A snake on the roadside, at least two metres long, that abruptly slithered off as we approached it, causing Cara to yelp in alarm…
Just like the pronounced military presence, political statements are part of the fabric of Chiapas life, and we noticed a real sense of activism amongst the people here. As everyone reminded us, Chiapas does indeed seem to have everything. Except evenly distributed wealth…
Right up until we reached El Jardin, villagers we met insisted we wouldn’t be able to make it across a recent landslide – apparently not even horses could get through. Here’s Cara hoisting her bike effortlessly over to general amazement.
As we crested our last climb, brooding skies and a long dirt road descent lay ahead towards the settlement of Sibal. Some 120 incredible kilometres from Ocosingo, we hit pavement again.
Unwelcome house guest. Luckily on the outside of the tent.
Not much happening at La Frontera Corozal, on the Mexican border with Guatemala.
Our last meal in Chiapas was also perhaps our best. A set menu in what was basically the kitchen of a house, where a sign painted on the wall read: comida economica. Cheap food. Roast chicken, rice, a tomato salad, a stack of tortillas and a huge pitcher of Agua de Jamaica (juice made from the flowers of a hibiscus). All for 3 dollars a head.
A quick trip across the murky Osumacinta River. Goodbye Mexico, hello Guatemala (again)…
Glorious photos once again. Glad to see the revolution there is still going strong. Althougn the big mystery to me is how you can go through so much mud but Cara still manages to look like a model in a commercial for a new brand of detergent…..!
you know, it’s a mystery to me too. cara is indeed queen of cleanliness, and as you know, that’s saying something in the world of bike touring…
Progress is overrated. Much more to be gained by wandering.
Stellar work as always Cass. Are you still shooting with a little camera? These look great.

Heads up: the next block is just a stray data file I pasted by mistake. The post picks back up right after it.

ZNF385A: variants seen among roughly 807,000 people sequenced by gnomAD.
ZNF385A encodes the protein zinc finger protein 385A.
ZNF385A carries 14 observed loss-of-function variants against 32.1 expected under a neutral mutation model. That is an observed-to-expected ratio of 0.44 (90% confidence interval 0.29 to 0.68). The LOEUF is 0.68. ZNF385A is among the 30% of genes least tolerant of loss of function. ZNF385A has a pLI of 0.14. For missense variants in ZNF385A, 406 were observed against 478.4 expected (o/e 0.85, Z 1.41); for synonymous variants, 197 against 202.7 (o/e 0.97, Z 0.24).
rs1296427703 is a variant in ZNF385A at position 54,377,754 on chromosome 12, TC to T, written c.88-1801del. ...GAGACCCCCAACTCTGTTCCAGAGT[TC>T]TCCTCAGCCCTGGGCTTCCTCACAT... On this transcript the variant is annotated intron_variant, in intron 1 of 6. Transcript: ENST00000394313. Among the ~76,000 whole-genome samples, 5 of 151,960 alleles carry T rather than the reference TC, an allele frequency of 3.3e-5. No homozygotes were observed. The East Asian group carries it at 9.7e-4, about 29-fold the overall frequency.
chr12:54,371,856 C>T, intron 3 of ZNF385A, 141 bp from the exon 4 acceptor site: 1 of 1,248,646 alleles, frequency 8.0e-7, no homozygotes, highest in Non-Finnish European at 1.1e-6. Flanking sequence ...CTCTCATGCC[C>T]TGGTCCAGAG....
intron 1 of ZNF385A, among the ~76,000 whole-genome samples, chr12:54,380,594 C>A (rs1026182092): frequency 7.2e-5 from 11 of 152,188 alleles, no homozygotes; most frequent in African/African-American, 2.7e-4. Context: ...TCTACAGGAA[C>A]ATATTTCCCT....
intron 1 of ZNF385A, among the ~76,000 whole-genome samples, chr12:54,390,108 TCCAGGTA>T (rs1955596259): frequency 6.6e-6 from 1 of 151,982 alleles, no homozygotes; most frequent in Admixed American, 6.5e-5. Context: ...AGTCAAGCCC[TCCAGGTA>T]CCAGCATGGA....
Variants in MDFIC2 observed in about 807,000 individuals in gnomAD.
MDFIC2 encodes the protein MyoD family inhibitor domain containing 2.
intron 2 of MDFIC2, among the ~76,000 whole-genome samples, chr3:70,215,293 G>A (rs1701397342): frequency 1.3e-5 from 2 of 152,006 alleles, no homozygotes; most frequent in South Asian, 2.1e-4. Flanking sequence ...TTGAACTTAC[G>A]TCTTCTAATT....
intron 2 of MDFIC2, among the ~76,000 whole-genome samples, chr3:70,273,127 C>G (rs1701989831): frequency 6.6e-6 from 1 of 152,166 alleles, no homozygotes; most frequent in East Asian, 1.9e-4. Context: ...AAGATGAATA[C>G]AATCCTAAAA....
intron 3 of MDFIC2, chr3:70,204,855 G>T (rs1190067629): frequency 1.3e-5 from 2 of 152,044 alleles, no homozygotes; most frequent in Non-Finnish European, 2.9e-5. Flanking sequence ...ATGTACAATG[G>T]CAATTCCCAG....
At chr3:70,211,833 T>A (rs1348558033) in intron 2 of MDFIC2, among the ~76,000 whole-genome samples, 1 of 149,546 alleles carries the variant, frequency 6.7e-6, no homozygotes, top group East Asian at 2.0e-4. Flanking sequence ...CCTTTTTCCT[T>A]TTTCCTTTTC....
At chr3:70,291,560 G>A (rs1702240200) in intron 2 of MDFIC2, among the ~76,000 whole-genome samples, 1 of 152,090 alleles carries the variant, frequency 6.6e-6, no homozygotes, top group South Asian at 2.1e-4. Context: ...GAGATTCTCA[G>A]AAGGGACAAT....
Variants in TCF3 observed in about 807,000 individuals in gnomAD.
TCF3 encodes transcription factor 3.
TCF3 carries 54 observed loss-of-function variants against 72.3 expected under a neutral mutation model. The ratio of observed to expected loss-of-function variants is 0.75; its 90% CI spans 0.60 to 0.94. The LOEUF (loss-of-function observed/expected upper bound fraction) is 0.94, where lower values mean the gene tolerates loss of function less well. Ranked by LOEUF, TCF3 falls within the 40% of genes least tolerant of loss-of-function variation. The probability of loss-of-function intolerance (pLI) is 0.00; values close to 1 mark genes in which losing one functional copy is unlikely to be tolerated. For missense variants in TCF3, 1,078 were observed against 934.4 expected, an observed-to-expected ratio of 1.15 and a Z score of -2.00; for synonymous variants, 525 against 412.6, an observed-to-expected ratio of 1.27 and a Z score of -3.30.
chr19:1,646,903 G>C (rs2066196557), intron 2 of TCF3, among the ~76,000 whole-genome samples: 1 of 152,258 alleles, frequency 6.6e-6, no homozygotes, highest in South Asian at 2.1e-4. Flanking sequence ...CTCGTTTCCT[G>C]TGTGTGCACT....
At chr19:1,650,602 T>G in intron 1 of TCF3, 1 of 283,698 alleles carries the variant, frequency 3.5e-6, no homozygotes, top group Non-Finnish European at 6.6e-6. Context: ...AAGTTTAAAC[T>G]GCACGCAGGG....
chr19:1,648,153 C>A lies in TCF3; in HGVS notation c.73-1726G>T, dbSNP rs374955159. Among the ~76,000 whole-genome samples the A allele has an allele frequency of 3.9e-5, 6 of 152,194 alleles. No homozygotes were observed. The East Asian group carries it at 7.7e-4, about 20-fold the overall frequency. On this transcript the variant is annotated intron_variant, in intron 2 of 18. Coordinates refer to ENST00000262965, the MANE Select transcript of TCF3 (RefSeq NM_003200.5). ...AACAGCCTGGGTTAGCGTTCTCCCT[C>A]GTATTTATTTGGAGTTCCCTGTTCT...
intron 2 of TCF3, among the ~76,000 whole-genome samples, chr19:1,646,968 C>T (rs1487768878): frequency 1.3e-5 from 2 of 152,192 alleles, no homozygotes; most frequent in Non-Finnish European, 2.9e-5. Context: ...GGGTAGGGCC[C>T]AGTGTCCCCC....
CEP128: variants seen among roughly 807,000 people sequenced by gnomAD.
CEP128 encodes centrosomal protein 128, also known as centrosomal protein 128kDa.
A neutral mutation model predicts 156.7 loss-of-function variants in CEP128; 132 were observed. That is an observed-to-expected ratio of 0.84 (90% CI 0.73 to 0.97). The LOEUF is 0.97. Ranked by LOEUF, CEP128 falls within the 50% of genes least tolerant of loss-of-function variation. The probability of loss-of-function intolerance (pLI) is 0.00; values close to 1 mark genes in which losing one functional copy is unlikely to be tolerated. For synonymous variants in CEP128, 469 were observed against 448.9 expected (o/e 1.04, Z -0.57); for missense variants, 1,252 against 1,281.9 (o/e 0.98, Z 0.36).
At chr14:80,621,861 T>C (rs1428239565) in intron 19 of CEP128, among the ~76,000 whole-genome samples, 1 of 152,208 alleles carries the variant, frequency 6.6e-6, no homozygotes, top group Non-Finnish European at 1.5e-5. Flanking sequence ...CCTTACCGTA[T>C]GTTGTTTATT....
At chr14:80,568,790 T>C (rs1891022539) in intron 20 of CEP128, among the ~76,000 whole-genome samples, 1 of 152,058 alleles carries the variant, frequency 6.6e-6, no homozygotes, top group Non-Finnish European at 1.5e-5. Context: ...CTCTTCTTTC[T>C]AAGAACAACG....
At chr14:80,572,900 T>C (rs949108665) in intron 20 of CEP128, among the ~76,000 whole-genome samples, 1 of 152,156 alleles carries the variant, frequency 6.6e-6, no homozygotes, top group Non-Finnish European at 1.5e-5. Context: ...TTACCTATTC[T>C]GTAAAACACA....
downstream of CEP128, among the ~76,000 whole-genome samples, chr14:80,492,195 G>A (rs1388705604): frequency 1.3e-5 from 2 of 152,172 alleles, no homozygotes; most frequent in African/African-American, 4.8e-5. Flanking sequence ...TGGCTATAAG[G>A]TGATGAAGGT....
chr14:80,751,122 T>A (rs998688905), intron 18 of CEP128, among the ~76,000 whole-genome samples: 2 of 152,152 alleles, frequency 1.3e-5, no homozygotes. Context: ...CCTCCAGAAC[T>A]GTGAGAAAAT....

thanks aaron, yes, still on the micro 4/3rds. feels great in the bar bag or backpack, ideal for travel, but there’s a lot about a DSLR I miss… really enjoyed reading about your teasdale truck adventures, awesome photos, looking forward to seeing more…
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What an amazing trip! I’m hoping to do something similar, and I can’t find all of your route on my map. Could you fill in some of the places, and road names? Thanks so much for your beautiful photos and great blog!
Hi Jen, I don’t have a map of Mexico handy, but googlemaps shows the beginning of the road out of Ocosingo. I don’t recognise the places listed, so the easiest is simply to start out on the road to the ruins of Tonina. Then it’s just a case of asking for Monte Libano, the main settlement ahead. We were invited in for the night, though we could have gone further. From there, there is a climb, from where you can take a detour to Laguna Naja (down a dirt road descent) which isn’t a must-see, but it is interesting and weird. Back at the junction, head for El Jardin and Sibal, from where the pavement begins. It’s best to check directions with any truck passing by.
A crew were working on the road at either ends, so it’s possible more is paved now.
Pavement will lead you to the main junction, from where you can either turn towards Palenque (a nice, chilled out ride), or to Bonampak, from where you can cross the border into Guatemala at La Frontera Corazal.
Thanks so much for your reply, Cass… I have a few more questions. As I’ve been looking into the ride more, I’ve been hearing about roadblocks and bandits in Chiapas. How secure did you feel moving through, and camping in that State? Did you talk to cyclists that had any issues?
Also, how was traffic in the paved areas?
No worries at all about bandits in that area. The Zapatista areas were not a cause for concern – quite the opposite. I guess this can change, but certainly nothing I ever really considered while I was there. I’ve heard of that problem in Guatemala, but the bandits there tend to target buses on main roads. Another good reason to keep to the backcountry (-:
As to traffic, very little on the road that runs along the Guatemalan border. More obviously close to the bigger cities.